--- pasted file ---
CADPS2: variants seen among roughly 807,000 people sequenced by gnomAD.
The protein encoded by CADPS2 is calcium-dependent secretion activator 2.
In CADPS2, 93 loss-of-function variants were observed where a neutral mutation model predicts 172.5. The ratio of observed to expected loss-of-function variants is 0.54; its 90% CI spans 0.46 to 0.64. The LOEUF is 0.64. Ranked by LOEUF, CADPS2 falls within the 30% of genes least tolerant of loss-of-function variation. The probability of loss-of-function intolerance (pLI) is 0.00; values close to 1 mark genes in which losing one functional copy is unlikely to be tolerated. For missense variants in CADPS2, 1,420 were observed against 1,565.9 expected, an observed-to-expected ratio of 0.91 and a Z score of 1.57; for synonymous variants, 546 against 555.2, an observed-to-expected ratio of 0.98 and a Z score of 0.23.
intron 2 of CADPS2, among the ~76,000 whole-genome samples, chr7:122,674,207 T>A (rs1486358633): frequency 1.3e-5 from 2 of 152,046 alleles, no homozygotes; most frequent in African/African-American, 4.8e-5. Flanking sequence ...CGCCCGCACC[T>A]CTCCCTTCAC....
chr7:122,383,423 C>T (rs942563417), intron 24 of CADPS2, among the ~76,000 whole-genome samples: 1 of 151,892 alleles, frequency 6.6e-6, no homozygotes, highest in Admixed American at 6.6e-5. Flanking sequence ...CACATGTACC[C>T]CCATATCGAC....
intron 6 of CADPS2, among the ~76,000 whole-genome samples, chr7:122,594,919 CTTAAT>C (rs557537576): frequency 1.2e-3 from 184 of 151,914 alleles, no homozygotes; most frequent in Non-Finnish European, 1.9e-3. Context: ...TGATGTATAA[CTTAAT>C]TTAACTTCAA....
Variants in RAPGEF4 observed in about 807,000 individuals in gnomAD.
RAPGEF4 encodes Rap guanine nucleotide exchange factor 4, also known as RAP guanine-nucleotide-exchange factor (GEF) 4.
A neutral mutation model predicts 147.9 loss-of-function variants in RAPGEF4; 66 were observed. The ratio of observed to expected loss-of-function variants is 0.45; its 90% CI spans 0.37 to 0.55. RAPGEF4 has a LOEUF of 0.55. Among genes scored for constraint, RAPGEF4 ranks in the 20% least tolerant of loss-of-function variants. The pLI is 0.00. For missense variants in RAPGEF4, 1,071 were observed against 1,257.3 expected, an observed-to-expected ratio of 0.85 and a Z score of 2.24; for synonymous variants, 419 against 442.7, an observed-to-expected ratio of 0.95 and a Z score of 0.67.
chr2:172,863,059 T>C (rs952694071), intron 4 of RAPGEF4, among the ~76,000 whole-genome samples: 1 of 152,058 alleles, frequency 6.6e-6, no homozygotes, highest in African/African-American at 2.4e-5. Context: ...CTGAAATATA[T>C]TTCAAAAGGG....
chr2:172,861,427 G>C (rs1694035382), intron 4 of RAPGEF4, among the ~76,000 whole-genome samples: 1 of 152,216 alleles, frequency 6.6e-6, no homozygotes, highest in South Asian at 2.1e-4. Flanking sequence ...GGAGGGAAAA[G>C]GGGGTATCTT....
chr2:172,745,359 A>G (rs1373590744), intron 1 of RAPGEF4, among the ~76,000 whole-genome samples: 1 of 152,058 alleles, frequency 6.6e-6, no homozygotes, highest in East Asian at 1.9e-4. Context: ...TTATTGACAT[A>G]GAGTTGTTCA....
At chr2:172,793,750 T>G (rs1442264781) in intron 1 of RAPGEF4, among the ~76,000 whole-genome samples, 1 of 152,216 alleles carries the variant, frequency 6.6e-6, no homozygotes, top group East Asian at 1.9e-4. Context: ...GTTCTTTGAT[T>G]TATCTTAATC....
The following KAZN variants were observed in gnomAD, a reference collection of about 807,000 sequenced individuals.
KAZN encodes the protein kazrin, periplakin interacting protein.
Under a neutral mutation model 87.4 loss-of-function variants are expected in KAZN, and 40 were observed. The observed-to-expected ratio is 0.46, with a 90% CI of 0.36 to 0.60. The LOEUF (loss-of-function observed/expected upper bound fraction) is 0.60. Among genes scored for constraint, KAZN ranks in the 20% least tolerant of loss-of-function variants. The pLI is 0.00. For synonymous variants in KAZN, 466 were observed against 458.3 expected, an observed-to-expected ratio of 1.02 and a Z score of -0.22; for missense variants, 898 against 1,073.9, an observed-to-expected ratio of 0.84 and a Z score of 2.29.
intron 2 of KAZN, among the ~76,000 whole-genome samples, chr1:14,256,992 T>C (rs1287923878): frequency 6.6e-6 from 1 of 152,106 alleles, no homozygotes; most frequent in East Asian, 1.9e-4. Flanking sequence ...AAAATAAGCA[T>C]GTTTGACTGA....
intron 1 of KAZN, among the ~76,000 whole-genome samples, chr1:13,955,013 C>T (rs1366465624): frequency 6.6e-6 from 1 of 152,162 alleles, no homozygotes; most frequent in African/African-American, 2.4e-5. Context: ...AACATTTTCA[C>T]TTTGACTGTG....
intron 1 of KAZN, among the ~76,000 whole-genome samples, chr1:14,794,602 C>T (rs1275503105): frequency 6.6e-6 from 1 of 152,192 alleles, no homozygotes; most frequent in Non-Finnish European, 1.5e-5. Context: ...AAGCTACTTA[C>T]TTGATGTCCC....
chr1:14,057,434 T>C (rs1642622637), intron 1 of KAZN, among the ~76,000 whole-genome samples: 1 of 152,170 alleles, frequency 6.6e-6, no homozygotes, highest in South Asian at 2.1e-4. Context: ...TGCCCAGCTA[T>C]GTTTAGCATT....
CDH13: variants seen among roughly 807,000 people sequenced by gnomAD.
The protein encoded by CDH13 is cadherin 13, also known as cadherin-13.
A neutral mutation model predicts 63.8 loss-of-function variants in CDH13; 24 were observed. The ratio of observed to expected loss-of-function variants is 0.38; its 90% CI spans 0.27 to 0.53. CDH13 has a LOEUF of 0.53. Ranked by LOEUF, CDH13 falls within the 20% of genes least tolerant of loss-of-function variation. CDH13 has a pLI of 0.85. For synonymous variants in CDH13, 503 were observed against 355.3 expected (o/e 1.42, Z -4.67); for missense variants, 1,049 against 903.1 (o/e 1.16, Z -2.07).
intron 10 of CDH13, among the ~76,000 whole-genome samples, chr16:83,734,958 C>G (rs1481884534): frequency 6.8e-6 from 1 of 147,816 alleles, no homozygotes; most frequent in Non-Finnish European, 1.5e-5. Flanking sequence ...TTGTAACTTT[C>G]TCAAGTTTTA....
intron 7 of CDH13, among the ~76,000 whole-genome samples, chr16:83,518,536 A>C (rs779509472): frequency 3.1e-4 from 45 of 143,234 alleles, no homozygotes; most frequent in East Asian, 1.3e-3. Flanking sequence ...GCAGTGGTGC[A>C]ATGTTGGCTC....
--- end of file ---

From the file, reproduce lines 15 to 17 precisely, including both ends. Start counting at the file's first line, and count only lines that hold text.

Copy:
KAZN encodes the protein kazrin, periplakin interacting protein.
Under a neutral mutation model 87.4 loss-of-function variants are expected in KAZN, and 40 were observed. The observed-to-expected ratio is 0.46, with a 90% CI of 0.36 to 0.60. The LOEUF (loss-of-function observed/expected upper bound fraction) is 0.60. Among genes scored for constraint, KAZN ranks in the 20% least tolerant of loss-of-function variants. The pLI is 0.00. For synonymous variants in KAZN, 466 were observed against 458.3 expected, an observed-to-expected ratio of 1.02 and a Z score of -0.22; for missense variants, 898 against 1,073.9, an observed-to-expected ratio of 0.84 and a Z score of 2.29.
intron 2 of KAZN, among the ~76,000 whole-genome samples, chr1:14,256,992 T>C (rs1287923878): frequency 6.6e-6 from 1 of 152,106 alleles, no homozygotes; most frequent in East Asian, 1.9e-4. Flanking sequence ...AAAATAAGCA[T>C]GTTTGACTGA....